When Spacecraft Misbehave
Engineers get creative when the error message comes from 50 million miles away.
- By Zoe Krasney
- Air & Space magazine, November 2013
NASA / JPL-CalTech
The Curiosity Rover, NASA’s Mars Science Laboratory, has been grabbing attention since August 2012, when it landed in Gale Crater in a spectacular fashion. The rover began its trek toward Mount Sharp, about five miles away, and almost immediately began sending back discoveries from the Martian surface. Then one night last February, project mission manager Jim Erickson was awakened by a call. “Ground control said they were getting some interesting telemetry from the Mars rover relay,” Erickson says.
Team members at NASA’s Jet Propulsion Laboratory in California had noticed the problem when Curiosity failed to send back the data it had recorded for the day and go into regular sleep mode. That meant something was wrong with the rover’s main computer. The engineers woke up Erickson and switched the rover over to its secondary computer, which they call the B-side, a move that automatically puts the rover into safe mode so the team can root around for the problem.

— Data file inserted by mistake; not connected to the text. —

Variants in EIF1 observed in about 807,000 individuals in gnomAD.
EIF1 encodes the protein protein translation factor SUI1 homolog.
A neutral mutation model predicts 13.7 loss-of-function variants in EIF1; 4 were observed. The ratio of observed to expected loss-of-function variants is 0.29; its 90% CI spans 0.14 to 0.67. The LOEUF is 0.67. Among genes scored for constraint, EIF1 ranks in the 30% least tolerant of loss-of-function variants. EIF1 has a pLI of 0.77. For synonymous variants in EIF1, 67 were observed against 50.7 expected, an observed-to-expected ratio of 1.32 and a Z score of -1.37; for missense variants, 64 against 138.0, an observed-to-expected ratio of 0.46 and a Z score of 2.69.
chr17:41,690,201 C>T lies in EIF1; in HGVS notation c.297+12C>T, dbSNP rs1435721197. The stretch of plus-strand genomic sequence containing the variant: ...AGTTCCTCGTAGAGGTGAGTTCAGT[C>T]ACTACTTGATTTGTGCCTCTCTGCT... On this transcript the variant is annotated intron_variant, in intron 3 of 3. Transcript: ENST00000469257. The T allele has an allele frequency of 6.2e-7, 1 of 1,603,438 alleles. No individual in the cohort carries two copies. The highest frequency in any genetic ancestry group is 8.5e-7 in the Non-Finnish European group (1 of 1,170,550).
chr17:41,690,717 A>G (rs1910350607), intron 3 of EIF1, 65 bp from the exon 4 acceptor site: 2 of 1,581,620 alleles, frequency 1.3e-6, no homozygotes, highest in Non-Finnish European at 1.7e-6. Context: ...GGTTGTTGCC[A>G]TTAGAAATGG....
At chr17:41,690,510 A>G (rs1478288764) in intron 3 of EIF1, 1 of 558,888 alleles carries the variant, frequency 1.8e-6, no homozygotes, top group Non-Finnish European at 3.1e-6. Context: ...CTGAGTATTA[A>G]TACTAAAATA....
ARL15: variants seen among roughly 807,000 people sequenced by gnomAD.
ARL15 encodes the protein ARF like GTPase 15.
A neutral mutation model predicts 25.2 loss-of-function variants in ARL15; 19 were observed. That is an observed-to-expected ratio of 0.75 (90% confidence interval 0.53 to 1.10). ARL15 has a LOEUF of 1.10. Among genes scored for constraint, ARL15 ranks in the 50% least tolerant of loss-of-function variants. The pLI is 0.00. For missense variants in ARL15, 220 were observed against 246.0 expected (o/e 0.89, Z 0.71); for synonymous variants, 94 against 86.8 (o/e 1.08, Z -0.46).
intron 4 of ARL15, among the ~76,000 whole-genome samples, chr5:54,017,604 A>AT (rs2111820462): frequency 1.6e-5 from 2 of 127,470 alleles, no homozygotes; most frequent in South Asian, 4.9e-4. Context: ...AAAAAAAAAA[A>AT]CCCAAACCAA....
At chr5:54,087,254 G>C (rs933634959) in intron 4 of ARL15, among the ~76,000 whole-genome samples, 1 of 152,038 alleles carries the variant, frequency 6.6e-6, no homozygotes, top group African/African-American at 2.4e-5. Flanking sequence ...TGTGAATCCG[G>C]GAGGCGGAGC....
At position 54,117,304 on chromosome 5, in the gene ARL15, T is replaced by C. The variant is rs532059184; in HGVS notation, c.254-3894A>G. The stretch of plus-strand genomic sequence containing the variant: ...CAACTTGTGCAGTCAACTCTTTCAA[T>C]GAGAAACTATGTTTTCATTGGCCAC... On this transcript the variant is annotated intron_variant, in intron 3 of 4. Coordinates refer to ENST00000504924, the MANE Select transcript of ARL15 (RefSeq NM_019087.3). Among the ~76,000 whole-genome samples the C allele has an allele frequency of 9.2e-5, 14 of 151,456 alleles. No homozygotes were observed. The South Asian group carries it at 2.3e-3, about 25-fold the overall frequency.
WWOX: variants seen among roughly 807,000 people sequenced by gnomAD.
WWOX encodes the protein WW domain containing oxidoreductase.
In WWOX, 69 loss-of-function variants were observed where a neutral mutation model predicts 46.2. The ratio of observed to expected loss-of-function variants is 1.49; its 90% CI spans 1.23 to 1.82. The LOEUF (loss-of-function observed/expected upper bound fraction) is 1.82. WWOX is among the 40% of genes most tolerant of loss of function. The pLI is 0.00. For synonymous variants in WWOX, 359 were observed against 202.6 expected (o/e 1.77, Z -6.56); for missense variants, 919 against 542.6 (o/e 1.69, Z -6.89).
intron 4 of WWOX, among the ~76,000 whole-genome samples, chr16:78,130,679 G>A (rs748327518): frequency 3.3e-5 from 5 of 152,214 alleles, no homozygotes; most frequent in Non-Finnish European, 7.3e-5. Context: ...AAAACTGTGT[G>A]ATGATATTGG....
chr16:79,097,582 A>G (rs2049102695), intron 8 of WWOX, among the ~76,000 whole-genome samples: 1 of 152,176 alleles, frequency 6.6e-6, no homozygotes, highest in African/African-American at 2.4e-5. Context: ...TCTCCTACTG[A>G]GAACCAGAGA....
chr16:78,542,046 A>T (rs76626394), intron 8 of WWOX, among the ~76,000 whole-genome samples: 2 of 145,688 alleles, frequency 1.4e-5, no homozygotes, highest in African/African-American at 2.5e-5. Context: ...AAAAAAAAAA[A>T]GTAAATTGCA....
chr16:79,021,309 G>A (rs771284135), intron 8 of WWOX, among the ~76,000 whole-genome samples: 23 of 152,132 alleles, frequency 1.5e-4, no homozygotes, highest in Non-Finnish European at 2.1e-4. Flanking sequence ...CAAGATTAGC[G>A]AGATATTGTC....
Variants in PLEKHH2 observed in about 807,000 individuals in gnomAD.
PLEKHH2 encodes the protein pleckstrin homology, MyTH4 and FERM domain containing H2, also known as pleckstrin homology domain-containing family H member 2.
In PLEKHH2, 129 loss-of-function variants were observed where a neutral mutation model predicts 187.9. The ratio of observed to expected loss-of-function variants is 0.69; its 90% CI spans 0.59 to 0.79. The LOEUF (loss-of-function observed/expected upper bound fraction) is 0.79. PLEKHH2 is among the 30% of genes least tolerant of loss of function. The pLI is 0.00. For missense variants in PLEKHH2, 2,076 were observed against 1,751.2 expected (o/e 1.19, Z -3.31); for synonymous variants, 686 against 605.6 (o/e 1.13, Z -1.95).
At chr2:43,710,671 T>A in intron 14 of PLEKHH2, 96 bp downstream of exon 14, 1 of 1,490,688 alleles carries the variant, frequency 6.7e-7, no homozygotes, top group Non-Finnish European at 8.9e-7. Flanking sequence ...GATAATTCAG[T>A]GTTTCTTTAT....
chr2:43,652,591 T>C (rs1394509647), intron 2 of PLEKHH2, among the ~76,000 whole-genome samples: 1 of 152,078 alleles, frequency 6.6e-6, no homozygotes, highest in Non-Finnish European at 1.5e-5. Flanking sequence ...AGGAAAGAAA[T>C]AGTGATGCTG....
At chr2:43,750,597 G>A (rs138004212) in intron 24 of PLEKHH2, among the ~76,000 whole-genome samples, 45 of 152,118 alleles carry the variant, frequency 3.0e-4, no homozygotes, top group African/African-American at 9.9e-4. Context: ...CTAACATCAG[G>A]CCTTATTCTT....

Erickson was concerned, but he was a veteran at space hardware troubleshooting, having worked on the Mars rovers Spirit and Opportunity—and Galileo. Sure enough, his team located damaged memory hardware in the A-side primary computer. The team could reprogram the A-side to not recognize the damaged parts, but Curiosity was working just fine using the B-side, so they decided to keep it as the rover’s primary system. In the space business, it’s always good to fly with a spare.